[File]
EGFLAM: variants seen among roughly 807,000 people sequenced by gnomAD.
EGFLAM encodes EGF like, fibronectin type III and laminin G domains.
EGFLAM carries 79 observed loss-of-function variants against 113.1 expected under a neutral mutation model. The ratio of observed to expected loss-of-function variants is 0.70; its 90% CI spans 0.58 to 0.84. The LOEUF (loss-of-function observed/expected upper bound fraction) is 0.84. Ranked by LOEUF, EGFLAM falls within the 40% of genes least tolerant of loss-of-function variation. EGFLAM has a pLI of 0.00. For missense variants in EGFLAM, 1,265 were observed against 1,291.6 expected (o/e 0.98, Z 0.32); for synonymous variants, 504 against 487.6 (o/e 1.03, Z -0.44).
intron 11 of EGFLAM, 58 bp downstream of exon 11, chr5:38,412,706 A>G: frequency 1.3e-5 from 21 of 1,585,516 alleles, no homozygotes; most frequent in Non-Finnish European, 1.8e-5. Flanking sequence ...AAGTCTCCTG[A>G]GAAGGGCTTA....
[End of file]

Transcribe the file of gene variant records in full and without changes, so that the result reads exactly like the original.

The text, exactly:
EGFLAM: variants seen among roughly 807,000 people sequenced by gnomAD.
EGFLAM encodes EGF like, fibronectin type III and laminin G domains.
EGFLAM carries 79 observed loss-of-function variants against 113.1 expected under a neutral mutation model. The ratio of observed to expected loss-of-function variants is 0.70; its 90% CI spans 0.58 to 0.84. The LOEUF (loss-of-function observed/expected upper bound fraction) is 0.84. Ranked by LOEUF, EGFLAM falls within the 40% of genes least tolerant of loss-of-function variation. EGFLAM has a pLI of 0.00. For missense variants in EGFLAM, 1,265 were observed against 1,291.6 expected (o/e 0.98, Z 0.32); for synonymous variants, 504 against 487.6 (o/e 1.03, Z -0.44).
intron 11 of EGFLAM, 58 bp downstream of exon 11, chr5:38,412,706 A>G: frequency 1.3e-5 from 21 of 1,585,516 alleles, no homozygotes; most frequent in Non-Finnish European, 1.8e-5. Flanking sequence ...AAGTCTCCTG[A>G]GAAGGGCTTA....